Born Bangor, September 30, 1914. Died New York, December 6, 2006, aged 92.
A DISTINGUISHED physicist, who acted as a vital link to the pre-war pioneers of nuclear physics, Professor Samuel Devons was a Fellow of the Royal Society for 51 years but spent most of his career in high energy nuclear physics in the US.
He was born in North Wales where his father, Rev David Isaac Devons, was minister. He was a cousin of the eminent Daiches family, headed by Rabbi Salo Daiches in Edinburgh.
David Isaac left Lithuania soon after 1900, in his early 20s and, according to family legend, received his surname from a British immigration officer who used his town of origin, Devoniske, some 30 miles south of Vilna.
His yeshivah education qualified him to serve small provincial communities in York, Bangor, Coventry and Hanley (Stoke-on-Trent), where he died in 1926 at the age of 45.
His wife, Edith, was left a widow with six children. A public appeal was made through the community to help the family, who resettled in Manchester. Despite hardship — eggs were a rare treat — the children throve on an intellectual diet of long Shabbat discussions and made their mark in different fields.
Samuel, the fourth child, who had earlier won a scholarship to Hanley High School, went to North Manchester Grammar School. At 17, he was its first pupil to win a scholarship to Cambridge, he and his late older brother, Ely (a future economics professor at the LSE) both being awarded Manchester City Council scholarships.
He graduated from Trinity College in 1935 and gained his PhD in 1939. In 1938 he married Ruth Toubkin of Manchester.
During the Second World War he served as senior scientific officer in the Air Ministry and Ministry of Aircraft Production, working on anti-aircraft barrages, radar and microwaves.
He moved round the country and, at the end of war, was posted to the USA as UK-US liaison officer based at the Massachusetts Institute of Technology.
In 1946 he returned to Cambridge as lecturer and fellow of Trinity and director of studies. He worked on the linear accelerator at the Cavendish Laboratories under Nobel prize-winner Lord Rutherford, known as the father of nuclear physics. In 1949 he published The Excited States of Nuclei.
Later, while in London as physics professor at Imperial College from 1950-55, he took his young daughters to the children’s gallery of the Science Museum, firing them with his love of questioning and skill at explaining.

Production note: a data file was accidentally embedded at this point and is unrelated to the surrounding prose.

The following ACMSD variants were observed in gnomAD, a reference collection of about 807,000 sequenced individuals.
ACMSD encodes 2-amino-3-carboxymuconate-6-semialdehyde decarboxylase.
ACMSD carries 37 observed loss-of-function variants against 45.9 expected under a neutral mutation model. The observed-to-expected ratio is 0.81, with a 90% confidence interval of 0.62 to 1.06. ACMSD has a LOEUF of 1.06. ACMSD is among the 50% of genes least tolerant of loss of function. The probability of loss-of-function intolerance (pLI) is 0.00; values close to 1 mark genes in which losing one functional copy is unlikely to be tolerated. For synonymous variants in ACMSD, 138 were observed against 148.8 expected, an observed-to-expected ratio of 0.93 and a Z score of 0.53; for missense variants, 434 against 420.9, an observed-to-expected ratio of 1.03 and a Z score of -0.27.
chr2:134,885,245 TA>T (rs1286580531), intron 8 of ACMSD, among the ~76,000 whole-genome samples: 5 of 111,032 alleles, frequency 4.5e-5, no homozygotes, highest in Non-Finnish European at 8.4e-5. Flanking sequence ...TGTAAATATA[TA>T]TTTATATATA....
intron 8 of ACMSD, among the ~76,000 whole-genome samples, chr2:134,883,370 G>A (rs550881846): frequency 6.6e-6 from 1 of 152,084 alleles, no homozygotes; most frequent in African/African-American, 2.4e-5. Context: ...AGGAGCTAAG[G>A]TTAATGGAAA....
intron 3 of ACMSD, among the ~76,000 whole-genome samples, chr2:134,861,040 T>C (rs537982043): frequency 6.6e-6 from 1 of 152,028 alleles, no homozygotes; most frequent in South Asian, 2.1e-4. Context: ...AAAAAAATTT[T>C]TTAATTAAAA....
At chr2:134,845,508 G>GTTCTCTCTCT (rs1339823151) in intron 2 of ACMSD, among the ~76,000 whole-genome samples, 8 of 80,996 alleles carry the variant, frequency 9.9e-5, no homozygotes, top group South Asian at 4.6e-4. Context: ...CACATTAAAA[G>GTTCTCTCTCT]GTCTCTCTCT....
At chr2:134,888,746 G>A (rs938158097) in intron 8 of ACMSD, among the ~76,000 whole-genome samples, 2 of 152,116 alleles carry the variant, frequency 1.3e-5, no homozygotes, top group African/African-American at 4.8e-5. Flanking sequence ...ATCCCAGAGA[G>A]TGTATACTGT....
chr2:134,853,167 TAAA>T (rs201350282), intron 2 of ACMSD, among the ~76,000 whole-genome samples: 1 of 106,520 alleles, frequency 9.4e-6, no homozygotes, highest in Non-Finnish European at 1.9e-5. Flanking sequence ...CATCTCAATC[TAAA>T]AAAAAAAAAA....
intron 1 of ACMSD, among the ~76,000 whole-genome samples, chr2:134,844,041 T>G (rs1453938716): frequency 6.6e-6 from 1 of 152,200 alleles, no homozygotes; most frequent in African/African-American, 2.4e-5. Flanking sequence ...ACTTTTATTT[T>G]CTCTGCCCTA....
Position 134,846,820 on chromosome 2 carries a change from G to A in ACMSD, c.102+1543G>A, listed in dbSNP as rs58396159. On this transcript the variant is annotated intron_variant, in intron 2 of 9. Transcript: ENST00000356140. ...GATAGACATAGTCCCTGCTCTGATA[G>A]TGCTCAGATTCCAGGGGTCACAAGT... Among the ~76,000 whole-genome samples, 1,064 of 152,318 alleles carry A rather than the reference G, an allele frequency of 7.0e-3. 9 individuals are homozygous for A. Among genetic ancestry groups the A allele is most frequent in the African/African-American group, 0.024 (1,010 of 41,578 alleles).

In 1955, when he was elected to the Royal Society, he returned to Manchester as Langworthy Professor of Physics and laboratory director at Manchester University.
But he grew frustrated at budgetary constraints and, after a sabbatical at Columbia University, New York, where he worked with another physics “great”, Isidor Rabi, who won a Nobel prize for magnetic resonance detection, he became professor of physics in 1960 until retiring in 1985.
He was chairman of Columbia’s physics department from 1963-67 and director of its Barnard College History of Physics Laboratory from 1970-85.
Far from an ivory-tower academic, shrouded in heavy nuclei, muons, atoms, X-rays and nuclear electric charges — the heart of his research, distilled in his editorship of High Energy Physics and Nuclear Structure (1970) — Professor Devons wanted to made science accessible to non-scientists.
He encouraged students through hands-on experiments and promoted interaction among staff at universities, schools and science museums. He fostered inter-science links, editing Biology and Physical Sciences in 1969.
He held a visiting professorship in India in 1967-68 at Andhra University and Israel in 1973-74 at the Weizmann Institute and Hebrew University. He was a long-serving member of the Weizmann Institute’s board of governors. He won the Rutherford medal and prize in 1970 and gave the Rutherford memorial lecture in Australia in 1989. He was made a fellow of the New York Academy of Sciences in 2001.
With his feeling for history, he recreated historic physics experiments, such as those of Cavendish in the 1770s and Weber and Kohlrausch in 1858, followed by Franklin, Faraday and Volta. For him a “beautiful experiment” had to make a major discovery, be not too expensive or abstruse, and be within the reach of students.
Made emeritus professor on retirement, he stayed active in his field and in 1999 launched EPIC, Emeritus Professors in Columbia, as a repository of scholarly wisdom. When he stepped down as founding president in 2004 he was made president emeritus by acclamation.
He is survived by his wife, Ruth; four daughters, Susan, Judith, Amanda and Cathryn; 12 grandchildren and three great-grandchildren.
Professor Samuel Devons: hands-on experimenter